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School's out for solar eclipse: Amherst 5th graders convince board to cancel classes on April 8, 2024

Nine out of Ohio's 88 counties will be in the path of totality, meaning more visitors will likely crowd communities in the afternoon of April 8, 2024.

AMHERST, Ohio — Do you have next April's Total Solar Eclipse circled on your calendar? It takes place on April 8, 2024, putting us at 318 days away (as of May 25, 2023).

A solar eclipse occurs when the Moon passes between the Earth and the Sun. During a total eclipse, the Moon lines up perfectly to fully block the Sun.  

Ohio is one of the states in the path of totality. And Lorain County will be one of nine counties in the state that will be right in the middle of the path of totality. The full eclipse will last about 3 minutes and 49 seconds and it is scheduled to occur at 3:13 p.m. on that day.  

In Amherst, we found a dedicated group of 5th graders that are determined to let nothing stand in the way of their viewing plans. In fact they went to the Amherst Board of Education to make sure of it. 

At Nord Middle School, they're already counting the number of school days remaining this year. And as students look forward to summer, the 5th graders have reason to be proud. 

"We get to miss April 8th for the Solar Eclipse," said student Cora Ryan. 

Yep, every child in the school district has the 5th grade students to thank. Part of their science class this year was devoted to learning about space and, in particular, what happens during a solar eclipse. 

The 5th graders were excited to learn about the eclipse happening in 2024 and the prime viewing they would have in northeast Ohio. But there was just one problem: the timing. 

"We would be in school and by the time we even got outside to see it, it would just be done since it's going last only about four minutes," said 5th grader Cameron Gilboy.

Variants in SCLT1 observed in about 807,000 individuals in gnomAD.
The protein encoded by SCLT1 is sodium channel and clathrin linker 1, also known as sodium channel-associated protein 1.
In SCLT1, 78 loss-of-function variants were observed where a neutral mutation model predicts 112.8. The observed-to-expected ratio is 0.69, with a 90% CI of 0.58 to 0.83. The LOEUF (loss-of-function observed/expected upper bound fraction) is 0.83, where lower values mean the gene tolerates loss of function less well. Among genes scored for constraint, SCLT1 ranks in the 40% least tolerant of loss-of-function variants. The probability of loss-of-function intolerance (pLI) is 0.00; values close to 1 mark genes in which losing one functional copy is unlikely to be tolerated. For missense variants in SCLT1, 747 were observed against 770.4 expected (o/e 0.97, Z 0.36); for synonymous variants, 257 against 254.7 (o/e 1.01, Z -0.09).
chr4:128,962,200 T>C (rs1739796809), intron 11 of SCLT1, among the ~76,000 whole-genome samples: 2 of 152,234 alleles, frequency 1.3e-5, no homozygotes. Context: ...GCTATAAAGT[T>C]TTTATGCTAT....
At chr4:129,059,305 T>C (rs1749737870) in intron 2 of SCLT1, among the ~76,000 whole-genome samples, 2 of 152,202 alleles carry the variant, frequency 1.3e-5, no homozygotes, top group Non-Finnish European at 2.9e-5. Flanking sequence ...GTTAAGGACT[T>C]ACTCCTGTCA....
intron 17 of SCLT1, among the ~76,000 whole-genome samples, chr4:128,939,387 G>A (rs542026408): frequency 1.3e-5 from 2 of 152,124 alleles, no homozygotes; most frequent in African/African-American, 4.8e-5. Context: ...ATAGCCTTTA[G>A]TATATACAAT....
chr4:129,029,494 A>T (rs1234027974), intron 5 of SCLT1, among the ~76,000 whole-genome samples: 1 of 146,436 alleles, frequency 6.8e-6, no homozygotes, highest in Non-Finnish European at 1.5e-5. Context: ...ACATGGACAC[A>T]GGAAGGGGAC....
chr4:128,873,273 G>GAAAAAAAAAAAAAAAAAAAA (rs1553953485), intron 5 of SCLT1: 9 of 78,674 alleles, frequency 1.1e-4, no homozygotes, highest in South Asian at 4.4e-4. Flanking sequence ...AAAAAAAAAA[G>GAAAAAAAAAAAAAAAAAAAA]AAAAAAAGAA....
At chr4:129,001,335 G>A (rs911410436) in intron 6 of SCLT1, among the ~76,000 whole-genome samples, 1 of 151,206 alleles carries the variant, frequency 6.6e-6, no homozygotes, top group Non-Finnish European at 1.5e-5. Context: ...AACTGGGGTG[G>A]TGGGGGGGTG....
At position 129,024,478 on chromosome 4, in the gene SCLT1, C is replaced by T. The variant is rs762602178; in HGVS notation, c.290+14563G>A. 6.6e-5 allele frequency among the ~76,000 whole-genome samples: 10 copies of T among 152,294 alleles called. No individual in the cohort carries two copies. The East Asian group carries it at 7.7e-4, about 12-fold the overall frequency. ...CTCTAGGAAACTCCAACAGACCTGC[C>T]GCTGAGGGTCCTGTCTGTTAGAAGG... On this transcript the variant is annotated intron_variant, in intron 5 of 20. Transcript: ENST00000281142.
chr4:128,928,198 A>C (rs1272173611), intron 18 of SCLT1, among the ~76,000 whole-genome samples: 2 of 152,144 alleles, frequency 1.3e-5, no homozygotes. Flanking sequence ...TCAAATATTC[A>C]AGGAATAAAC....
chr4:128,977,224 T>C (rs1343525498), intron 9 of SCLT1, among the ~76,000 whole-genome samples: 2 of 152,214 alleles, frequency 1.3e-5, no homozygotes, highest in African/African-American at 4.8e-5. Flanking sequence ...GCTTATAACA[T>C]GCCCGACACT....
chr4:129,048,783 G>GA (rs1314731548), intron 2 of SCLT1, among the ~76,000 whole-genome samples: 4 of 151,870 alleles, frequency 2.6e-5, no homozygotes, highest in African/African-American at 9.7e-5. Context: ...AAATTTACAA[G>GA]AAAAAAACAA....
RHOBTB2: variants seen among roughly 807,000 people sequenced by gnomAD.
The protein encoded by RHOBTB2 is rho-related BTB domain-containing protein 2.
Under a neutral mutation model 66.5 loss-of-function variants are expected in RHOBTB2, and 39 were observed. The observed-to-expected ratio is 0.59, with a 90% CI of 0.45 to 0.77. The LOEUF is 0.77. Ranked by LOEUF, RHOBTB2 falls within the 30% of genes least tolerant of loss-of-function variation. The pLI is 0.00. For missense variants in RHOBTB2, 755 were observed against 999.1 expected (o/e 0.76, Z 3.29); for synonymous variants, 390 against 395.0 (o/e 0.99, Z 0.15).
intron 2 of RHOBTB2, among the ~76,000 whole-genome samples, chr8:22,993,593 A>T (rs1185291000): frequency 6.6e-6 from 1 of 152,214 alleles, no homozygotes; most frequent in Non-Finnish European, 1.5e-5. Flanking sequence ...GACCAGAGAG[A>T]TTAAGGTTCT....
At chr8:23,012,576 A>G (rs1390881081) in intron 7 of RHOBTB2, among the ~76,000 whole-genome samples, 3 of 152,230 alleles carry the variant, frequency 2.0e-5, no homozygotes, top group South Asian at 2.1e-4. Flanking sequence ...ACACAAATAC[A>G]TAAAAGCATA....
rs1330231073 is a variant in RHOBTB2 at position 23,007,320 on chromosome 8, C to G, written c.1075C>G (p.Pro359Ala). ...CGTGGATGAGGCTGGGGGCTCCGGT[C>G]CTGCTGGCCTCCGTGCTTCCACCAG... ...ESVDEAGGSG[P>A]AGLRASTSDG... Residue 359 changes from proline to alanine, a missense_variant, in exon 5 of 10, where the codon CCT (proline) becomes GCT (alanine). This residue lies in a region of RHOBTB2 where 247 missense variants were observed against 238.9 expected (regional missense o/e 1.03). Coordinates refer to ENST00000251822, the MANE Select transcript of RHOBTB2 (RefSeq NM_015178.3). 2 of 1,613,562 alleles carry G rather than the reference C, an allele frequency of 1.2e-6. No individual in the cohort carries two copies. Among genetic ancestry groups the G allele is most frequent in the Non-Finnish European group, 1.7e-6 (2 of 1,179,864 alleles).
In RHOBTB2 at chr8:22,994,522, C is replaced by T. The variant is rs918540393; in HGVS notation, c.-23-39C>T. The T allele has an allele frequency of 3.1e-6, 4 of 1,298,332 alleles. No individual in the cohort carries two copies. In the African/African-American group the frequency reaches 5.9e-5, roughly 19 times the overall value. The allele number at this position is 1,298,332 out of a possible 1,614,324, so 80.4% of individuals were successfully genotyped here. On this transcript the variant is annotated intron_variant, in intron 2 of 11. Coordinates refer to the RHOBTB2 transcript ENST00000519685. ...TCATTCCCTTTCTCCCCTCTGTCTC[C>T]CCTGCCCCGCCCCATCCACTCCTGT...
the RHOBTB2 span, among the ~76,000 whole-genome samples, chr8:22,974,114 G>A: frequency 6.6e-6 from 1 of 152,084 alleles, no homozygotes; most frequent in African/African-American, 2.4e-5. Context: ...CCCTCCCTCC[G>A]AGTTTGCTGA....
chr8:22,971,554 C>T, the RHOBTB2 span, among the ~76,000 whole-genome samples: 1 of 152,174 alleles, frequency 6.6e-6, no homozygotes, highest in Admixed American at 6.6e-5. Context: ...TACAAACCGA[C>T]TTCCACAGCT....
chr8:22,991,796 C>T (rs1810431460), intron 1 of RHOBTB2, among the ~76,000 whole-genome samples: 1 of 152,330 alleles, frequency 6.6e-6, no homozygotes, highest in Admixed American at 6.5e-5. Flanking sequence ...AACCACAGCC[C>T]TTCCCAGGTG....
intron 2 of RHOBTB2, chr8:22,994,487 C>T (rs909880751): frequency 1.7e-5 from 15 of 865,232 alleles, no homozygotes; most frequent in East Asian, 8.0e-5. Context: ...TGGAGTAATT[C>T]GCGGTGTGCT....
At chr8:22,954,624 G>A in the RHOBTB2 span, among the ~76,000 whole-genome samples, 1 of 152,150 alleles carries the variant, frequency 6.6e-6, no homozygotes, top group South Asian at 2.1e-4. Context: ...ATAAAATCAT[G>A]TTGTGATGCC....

The students put their persuasive writing skills to use and crafted letters about why a day off would be better. 

Many wrote about potential traffic and safety issues, with many visitors flocking to the area to watch the eclipse. They also wrote about disruption for nocturnal animals, some of which might come out in the dark. And many students had their own pets in mind, worried they would be home alone when the daylight suddenly vanished. 

Eight students were chosen to present their letters to Amherst's school board back in February. 

"We just talked about how the board makes those decisions and votes on those things. So it was their job to convince them, to persuade them that not having school on that day would be a better option," said Nord science teacher Erin Kinser. 

Some students admitted to a few nerves during the meeting. 

"It was stressful and all that stuff, but I knew that other kids were going to go and I wasn't the only one going. That made me feel better," said 5th grader Violet Hawkins. 

Once they presented, the students had to wait until the end of the meeting for a decision. And it was worth the wait, as the board voted unanimously to cancel school on April 8th 2024. 

"I think the board was very impressed. You could just tell by their interaction with the kids," said Kinser proudly.

If there ever was a good reason to stay home from school, these students found it, along the path of totality. 

"When I'm older, I want to be a pediatrician. So I need to know my science," said Cora Ryan.

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